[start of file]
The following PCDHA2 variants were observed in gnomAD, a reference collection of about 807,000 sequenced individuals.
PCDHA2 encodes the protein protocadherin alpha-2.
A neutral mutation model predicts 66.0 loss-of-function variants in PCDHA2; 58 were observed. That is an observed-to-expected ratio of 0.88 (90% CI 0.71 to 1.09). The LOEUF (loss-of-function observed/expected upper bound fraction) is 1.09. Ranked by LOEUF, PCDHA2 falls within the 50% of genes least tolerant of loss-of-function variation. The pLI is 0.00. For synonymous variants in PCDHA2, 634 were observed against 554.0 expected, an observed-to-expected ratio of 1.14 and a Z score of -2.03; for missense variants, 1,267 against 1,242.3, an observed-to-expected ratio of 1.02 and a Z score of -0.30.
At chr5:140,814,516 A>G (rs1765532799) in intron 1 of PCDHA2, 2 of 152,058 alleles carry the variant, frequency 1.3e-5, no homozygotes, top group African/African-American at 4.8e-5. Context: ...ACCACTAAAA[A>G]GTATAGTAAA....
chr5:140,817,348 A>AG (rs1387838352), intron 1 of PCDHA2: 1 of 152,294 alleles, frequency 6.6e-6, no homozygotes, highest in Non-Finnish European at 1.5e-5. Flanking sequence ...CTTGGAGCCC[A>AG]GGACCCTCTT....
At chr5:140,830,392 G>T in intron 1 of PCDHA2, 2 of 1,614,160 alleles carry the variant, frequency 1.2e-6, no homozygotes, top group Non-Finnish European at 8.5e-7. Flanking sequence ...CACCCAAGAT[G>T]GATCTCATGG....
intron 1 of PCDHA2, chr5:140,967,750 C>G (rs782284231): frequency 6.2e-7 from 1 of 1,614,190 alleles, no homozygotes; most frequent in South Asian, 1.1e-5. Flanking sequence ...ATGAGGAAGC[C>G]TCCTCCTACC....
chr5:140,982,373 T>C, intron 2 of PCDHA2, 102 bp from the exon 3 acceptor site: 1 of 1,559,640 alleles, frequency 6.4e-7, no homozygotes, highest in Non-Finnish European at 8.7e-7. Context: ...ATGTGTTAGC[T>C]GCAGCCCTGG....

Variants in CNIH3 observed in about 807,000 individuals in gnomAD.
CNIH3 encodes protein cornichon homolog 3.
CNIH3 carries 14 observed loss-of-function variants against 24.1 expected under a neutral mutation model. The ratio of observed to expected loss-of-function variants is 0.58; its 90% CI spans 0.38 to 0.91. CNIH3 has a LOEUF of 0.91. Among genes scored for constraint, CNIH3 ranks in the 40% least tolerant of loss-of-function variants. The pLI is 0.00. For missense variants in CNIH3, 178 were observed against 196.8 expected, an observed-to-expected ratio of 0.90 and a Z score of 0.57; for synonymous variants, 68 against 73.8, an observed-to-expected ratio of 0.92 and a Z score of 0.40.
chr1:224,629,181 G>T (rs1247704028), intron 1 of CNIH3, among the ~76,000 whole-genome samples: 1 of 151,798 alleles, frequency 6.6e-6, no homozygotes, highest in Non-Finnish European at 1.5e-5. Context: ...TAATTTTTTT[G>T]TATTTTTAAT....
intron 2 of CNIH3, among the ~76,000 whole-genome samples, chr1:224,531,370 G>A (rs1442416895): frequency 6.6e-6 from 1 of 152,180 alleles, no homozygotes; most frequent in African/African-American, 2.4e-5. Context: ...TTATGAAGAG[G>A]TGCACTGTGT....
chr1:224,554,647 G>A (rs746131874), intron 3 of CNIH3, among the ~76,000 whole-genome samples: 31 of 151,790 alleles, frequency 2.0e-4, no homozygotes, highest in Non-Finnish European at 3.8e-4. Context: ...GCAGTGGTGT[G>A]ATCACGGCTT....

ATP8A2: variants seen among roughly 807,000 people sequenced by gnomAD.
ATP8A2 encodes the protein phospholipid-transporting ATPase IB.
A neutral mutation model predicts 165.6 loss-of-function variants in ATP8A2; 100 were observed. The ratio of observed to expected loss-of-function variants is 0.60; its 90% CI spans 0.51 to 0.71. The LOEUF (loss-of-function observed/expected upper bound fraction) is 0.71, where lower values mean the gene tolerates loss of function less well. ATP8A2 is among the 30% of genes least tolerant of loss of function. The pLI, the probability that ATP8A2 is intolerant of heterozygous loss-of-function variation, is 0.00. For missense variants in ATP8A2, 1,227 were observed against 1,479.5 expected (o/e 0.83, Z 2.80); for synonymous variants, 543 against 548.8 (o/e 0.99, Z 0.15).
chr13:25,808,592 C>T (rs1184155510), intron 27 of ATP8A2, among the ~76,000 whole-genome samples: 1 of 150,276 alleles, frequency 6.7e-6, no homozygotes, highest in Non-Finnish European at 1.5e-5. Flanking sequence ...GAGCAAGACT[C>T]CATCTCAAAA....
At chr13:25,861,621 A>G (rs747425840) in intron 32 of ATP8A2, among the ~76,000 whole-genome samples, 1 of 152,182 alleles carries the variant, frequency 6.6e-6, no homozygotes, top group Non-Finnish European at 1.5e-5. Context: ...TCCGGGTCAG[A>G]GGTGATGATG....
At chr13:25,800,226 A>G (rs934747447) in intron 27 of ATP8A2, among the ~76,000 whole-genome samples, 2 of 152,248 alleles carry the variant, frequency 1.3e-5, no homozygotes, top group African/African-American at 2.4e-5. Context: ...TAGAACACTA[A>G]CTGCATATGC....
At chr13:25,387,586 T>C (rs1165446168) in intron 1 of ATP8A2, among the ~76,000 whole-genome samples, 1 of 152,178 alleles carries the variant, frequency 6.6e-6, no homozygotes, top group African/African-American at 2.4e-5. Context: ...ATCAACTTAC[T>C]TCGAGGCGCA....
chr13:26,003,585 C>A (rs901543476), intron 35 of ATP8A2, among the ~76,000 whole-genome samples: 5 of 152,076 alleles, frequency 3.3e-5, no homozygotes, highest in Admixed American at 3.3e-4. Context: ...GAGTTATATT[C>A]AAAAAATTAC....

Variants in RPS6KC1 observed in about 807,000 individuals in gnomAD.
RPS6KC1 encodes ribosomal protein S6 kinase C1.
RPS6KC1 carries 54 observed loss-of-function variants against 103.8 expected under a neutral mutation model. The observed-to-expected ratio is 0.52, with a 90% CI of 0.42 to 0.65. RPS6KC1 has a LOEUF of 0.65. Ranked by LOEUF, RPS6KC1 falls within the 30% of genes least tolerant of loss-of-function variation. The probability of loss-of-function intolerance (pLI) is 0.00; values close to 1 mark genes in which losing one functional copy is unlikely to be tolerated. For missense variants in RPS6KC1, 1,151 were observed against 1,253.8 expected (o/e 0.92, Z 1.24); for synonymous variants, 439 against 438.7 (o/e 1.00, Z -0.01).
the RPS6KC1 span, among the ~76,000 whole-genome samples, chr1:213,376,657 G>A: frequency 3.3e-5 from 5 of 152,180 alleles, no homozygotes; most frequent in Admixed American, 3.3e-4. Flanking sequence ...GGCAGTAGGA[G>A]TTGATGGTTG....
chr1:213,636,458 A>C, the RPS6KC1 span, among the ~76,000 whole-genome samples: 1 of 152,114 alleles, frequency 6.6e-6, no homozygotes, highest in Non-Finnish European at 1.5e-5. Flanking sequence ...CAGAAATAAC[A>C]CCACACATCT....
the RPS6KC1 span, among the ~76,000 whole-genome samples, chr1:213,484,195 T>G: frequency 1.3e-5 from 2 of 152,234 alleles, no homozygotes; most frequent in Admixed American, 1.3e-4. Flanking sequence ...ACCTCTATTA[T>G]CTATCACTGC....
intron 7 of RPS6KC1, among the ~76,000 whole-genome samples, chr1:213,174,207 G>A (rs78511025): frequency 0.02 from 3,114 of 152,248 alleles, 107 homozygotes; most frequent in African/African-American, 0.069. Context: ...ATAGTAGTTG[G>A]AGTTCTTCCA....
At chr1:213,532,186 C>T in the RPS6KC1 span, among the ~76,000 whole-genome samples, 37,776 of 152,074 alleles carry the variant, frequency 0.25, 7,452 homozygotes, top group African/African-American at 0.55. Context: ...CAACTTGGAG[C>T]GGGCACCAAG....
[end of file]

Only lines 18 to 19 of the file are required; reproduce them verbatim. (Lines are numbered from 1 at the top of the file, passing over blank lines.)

chr13:25,808,592 C>T (rs1184155510), intron 27 of ATP8A2, among the ~76,000 whole-genome samples: 1 of 150,276 alleles, frequency 6.7e-6, no homozygotes, highest in Non-Finnish European at 1.5e-5. Flanking sequence ...GAGCAAGACT[C>T]CATCTCAAAA....
At chr13:25,861,621 A>G (rs747425840) in intron 32 of ATP8A2, among the ~76,000 whole-genome samples, 1 of 152,182 alleles carries the variant, frequency 6.6e-6, no homozygotes, top group Non-Finnish European at 1.5e-5. Context: ...TCCGGGTCAG[A>G]GGTGATGATG....